The Sr. Thea Bowman Student Center joins the AUC’s Lyke House, Bennett College and North Carolina A&T’s Thea House, and Texas Southern University’s Newman Center as the HBCUs to offer a designated center for student Catholics.

The opening of the center is just as momentous for the members of HU Bison Catholic, the only Catholic student ministry on campus. Victoria Koffi, a senior biology major from Mountain House, California, founded the ministry when she was only a freshman.

“It’s provided a nice little community for me,” she said. “Back home faith was really a big portion of my family life, so to have something like faith connect me to others is like a family away from home.”

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The Center hosts three levels such as offices for members of the clergy, study areas and the St. Augustine Library. Father Joseph Wimmer O.S.A., a professor of religious and theological studies at Villanova University, and the Augustinians donated the books to the library to enhance students’ entry into Catholic Studies.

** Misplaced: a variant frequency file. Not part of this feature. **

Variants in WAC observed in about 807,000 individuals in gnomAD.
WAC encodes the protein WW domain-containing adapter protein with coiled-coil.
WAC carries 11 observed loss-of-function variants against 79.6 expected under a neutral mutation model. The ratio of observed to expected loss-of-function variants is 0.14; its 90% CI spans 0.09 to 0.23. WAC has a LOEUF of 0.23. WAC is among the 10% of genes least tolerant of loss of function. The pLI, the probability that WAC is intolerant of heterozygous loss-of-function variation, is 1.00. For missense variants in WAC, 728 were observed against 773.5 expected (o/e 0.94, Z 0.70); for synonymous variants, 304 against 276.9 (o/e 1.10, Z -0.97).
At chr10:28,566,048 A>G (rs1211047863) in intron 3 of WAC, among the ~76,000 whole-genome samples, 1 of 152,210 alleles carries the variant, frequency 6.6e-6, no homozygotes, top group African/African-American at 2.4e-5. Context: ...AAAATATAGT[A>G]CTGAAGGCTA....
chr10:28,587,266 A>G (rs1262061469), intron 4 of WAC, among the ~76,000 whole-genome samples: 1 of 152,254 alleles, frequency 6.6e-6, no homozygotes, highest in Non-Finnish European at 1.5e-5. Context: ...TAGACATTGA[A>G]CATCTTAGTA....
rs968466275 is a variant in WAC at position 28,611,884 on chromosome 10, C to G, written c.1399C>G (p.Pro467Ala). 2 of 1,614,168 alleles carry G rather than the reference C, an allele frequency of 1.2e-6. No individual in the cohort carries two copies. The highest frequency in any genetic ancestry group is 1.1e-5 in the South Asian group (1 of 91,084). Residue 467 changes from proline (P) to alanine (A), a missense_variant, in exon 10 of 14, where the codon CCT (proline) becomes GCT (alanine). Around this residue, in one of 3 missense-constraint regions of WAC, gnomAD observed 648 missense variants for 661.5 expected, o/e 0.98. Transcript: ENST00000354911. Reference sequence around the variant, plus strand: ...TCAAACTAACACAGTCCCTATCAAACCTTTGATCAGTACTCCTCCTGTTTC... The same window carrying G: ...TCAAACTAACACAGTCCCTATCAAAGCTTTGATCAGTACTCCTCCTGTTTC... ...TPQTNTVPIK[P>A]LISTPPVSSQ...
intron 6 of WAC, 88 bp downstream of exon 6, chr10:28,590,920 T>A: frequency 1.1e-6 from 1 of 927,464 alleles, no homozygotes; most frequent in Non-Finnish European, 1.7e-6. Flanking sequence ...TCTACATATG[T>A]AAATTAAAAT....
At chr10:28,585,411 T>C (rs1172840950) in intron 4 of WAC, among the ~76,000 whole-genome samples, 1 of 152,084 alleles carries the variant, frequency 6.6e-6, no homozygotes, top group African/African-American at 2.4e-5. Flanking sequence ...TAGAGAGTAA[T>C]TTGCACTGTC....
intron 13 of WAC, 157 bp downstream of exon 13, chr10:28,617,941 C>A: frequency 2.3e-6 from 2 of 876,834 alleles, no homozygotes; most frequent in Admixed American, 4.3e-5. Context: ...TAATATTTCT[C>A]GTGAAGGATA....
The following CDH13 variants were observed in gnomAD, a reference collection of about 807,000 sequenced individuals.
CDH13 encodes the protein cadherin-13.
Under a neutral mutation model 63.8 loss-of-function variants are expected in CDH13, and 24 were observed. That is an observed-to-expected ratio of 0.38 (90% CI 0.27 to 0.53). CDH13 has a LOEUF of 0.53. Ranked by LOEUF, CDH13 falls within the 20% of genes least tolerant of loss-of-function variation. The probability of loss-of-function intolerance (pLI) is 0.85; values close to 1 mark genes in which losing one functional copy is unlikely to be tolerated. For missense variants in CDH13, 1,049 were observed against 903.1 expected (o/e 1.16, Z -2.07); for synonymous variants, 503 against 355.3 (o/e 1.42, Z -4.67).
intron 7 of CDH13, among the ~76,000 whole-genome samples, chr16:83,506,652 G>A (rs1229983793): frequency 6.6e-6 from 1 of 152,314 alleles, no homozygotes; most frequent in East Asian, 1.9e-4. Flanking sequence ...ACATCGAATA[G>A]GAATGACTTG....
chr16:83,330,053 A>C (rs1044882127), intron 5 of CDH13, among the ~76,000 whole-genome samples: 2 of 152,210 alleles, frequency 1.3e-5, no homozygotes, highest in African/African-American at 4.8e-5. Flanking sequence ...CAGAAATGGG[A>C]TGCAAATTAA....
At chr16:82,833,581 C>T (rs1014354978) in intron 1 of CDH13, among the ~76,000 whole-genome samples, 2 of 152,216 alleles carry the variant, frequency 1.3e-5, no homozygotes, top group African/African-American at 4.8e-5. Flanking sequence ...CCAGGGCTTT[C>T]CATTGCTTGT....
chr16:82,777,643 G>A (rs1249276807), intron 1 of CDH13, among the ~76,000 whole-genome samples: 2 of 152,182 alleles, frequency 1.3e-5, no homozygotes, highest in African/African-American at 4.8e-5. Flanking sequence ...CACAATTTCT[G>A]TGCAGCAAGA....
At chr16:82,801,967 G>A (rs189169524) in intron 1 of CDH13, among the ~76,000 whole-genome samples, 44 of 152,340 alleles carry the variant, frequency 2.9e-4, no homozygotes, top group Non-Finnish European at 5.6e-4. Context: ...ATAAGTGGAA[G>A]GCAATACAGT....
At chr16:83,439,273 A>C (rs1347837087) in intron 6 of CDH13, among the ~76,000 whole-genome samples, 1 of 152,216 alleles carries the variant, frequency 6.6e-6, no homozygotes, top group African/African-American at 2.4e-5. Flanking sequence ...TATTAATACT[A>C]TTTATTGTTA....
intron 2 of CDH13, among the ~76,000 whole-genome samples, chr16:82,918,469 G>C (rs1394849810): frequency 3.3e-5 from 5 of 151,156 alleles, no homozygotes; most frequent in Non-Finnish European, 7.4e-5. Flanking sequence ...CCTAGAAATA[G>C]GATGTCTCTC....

The St. Augustine Library is not only a study space but a quiet place for students to engage in Catholic studies. Students can finish their schoolwork, de-stress and read the Catholic Bible or any other books available. (Eliana Lewis/The Hilltop) 

Former Archbishop of Washington, D.C., Cardinal Donald Wuerl, helped raise funding for the establishment of The Center. He, along with the 1969 Howard graduate and auxiliary bishop of Washington, D.C., Bishop Roy Campbell, and the first African-American cardinal in the Catholic Church, Wilton Gregory, were in attendance the day of the opening.